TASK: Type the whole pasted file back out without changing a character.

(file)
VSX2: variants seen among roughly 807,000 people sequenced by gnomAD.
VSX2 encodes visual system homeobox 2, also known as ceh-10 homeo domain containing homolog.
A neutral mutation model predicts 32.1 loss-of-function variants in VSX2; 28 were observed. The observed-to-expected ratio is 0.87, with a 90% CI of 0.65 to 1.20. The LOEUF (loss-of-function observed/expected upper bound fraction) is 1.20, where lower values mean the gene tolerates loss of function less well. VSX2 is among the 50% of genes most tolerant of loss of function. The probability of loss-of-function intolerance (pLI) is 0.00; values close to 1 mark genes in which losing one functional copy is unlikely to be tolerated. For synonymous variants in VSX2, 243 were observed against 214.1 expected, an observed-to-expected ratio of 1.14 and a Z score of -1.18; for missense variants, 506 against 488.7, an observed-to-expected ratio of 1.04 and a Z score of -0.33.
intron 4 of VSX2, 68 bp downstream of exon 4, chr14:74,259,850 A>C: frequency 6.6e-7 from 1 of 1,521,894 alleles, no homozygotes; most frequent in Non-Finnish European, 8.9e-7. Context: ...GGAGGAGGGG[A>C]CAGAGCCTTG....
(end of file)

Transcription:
VSX2: variants seen among roughly 807,000 people sequenced by gnomAD.
VSX2 encodes visual system homeobox 2, also known as ceh-10 homeo domain containing homolog.
A neutral mutation model predicts 32.1 loss-of-function variants in VSX2; 28 were observed. The observed-to-expected ratio is 0.87, with a 90% CI of 0.65 to 1.20. The LOEUF (loss-of-function observed/expected upper bound fraction) is 1.20, where lower values mean the gene tolerates loss of function less well. VSX2 is among the 50% of genes most tolerant of loss of function. The probability of loss-of-function intolerance (pLI) is 0.00; values close to 1 mark genes in which losing one functional copy is unlikely to be tolerated. For synonymous variants in VSX2, 243 were observed against 214.1 expected, an observed-to-expected ratio of 1.14 and a Z score of -1.18; for missense variants, 506 against 488.7, an observed-to-expected ratio of 1.04 and a Z score of -0.33.
intron 4 of VSX2, 68 bp downstream of exon 4, chr14:74,259,850 A>C: frequency 6.6e-7 from 1 of 1,521,894 alleles, no homozygotes; most frequent in Non-Finnish European, 8.9e-7. Context: ...GGAGGAGGGG[A>C]CAGAGCCTTG....